Fishing Cooperatives Deal With Common-Pool Resource Problems in Diverse Ways and Often Support Private Marine Protected Areas

While many fisheries around the globe are in a state of collapse, many are successful as well. Fishing cooperatives are an approach to sustainable fishing that have received little attention despite the fact that studies have shown potential benefits from this practice such as reducing or eliminating the race for fish, improving economic efficiency and market value, improving enforcement and compliance, and promoting conservation and environmental stewardship. The conditions and attributes that lead to a successful fishing cooperative need to be studied in order to better understand their actual and potential role in fishing management. Fishing cooperatives exist in diverse settings, and for analysis to be broadly applicable, information was drawn from 67 different institutions in different geographic, social, environmental, and economic settings. This enabled Ovando et al. (2012) to analyze the links between specific characteristics and contexts of fisheries, such as the development status of the host nation, fisheries management practices, species characteristics, and collective actions taken by fishery cooperatives. Ovando et al. found that fishing cooperatives often take actions directed toward coordinating harvest activities, adopting and enforcing restrictions on fishing methods and effort, and taking direct conservation actions such as establishment of private marine protected areas.Evelyn Byer
Ovando, D.A., Deacon, R.T., Lester, S.E., Costello, C., Van Leuvan, T., McIlwain, K., Kent Strauss, C., Arbuckle, M., Fujita, R., Gelcich, S., 2012. Conservation incentives and collective choices in cooperative fisheries. Marine Policy. 37, 132-140.

Ovando and colleagues compiled data from a large set of case studies of cooperatives and organized them into a database of the ecological, economic, institutional, and social structure of the fisheries involved, together with the collective actions fishery cooperatives undertake. Also, these data were used to test hypotheses on how ecological, economic, social, and governance circumstances are linked to the collective choices made by cooperatives. Ecological and microeconomic theories were informally used to guide the selection of six survey question areas: ecology, institutions, economics, government policy, coop structure, and cooperative actions. The first four are hypothesized to influence cooperative formation and action, the fifth category is descriptive, and the sixth category is the main focus of attention. Ecological variables focused on life history traits of the species targeted by the fishery.  Institutional variables reflect the national context, such as the per capita GDP.  Economic variables are fishery specific, and capture information on species value, market destination, and reliability of catch. Policy variables measure the role of government in the management of the fishery and include variables such as the extent of government subsidizes for fishing. Structural variables describe attributes of cooperatives such as annual landings. Finally, cooperative action variables identify the specific collective activities each cooperative undertakes. The fishing cooperatives were not chosen randomly, but rather were selected from a review of the existing literature, possibly meaning that cooperatives in developed countries are over-represented. Complete linkage cluster analysis was used to identify relationships among cooperative actions to provide insight into choices made by cooperatives. Finally, logit regression analysis for clustered survey data was used to examine factors contributing to the probability of the formation of private marine protected areas (PMPAs).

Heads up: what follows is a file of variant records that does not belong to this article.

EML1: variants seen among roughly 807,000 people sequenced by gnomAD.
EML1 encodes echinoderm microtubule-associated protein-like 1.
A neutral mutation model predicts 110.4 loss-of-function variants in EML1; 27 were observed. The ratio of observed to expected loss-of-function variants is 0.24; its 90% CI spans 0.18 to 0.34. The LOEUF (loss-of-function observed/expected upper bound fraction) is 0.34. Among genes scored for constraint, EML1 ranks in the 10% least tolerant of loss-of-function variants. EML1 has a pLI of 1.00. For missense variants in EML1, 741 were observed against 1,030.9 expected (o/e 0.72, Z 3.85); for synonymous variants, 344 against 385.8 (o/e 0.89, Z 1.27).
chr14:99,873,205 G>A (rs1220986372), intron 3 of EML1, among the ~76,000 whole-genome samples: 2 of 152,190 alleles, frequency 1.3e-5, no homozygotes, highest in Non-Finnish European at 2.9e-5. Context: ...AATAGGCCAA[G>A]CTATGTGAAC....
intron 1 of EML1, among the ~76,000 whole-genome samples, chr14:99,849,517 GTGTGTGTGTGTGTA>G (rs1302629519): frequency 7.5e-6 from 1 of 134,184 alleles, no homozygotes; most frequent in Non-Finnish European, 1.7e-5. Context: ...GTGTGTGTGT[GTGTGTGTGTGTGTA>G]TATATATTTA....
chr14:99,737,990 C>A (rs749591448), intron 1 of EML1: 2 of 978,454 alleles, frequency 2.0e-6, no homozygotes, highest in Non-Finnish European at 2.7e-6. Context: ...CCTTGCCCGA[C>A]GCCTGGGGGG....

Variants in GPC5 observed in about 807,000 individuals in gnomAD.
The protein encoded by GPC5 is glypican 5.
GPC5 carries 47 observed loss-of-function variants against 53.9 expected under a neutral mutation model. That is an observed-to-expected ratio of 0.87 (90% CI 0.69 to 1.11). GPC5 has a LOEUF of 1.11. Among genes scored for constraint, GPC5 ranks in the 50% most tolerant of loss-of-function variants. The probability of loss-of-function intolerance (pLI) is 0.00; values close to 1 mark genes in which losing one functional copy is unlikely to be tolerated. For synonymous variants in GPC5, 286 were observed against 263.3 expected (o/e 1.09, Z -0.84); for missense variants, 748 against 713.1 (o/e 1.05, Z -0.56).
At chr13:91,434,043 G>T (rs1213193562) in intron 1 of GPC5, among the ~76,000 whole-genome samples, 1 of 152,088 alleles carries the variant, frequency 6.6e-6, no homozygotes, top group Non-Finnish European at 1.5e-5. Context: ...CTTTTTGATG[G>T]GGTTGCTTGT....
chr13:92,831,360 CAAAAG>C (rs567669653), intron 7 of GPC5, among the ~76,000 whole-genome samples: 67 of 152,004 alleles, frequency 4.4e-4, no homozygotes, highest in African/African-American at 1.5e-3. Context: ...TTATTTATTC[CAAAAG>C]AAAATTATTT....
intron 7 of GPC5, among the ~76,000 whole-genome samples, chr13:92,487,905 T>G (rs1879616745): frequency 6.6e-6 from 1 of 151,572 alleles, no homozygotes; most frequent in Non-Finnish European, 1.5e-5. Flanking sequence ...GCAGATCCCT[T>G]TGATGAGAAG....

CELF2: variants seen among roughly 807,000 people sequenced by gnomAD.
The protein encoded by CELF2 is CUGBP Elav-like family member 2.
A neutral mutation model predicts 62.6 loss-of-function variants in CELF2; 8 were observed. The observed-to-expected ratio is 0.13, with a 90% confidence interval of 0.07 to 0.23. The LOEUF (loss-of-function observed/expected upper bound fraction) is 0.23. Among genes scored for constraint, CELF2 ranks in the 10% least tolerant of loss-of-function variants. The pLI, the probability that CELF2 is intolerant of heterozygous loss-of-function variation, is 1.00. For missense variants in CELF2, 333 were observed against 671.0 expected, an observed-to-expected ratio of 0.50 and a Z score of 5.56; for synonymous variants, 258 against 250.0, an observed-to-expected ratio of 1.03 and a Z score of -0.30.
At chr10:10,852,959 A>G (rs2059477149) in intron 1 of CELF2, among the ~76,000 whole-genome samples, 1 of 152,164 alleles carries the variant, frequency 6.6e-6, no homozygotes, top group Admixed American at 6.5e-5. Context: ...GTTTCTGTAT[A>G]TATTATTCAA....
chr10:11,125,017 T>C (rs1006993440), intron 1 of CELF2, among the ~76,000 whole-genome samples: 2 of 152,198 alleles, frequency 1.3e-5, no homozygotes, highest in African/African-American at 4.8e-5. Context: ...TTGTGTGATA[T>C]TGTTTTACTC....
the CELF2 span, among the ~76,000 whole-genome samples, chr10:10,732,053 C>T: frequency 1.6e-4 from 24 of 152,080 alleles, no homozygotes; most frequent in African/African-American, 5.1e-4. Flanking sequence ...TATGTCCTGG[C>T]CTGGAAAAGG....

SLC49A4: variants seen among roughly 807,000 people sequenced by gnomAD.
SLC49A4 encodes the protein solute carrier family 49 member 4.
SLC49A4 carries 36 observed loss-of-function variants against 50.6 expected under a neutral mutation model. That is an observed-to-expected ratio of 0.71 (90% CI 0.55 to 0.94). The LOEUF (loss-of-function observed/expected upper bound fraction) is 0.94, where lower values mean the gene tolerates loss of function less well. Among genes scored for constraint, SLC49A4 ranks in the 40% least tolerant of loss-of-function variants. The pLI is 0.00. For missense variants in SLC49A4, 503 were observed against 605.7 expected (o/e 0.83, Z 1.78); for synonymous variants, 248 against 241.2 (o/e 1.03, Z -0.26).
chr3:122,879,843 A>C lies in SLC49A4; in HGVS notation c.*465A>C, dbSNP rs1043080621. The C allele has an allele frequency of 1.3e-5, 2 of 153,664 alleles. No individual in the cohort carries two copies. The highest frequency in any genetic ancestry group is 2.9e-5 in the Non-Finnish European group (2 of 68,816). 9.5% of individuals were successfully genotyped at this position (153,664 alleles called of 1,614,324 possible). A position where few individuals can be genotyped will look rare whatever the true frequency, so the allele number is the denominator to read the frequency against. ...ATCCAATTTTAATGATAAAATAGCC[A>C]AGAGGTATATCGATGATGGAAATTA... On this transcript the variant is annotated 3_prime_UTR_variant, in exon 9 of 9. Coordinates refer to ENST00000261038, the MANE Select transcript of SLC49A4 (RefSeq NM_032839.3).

Ovando et al. found cooperatives often establish PMPAs and take other resource stewardship actions when institutional and ecological circumstances are appropriate. Cooperative fishing was found in every major fishing region and was found not to be solely associated with large, small, rich, or poor fisheries, but rather to represent a broadly applied strategy for dealing with common-pool resources. The fact that the sample contains a greater proportion of democratic and developed countries than the world as a whole means that the world’s fishing cooperatives may not be perfectly represented. Ovando et al. encourages comparative analysis of wide groups of fisheries in order to better understand what incentives drive the actions of cooperatives and thus support the health of fisheries and the communities that depend on them.

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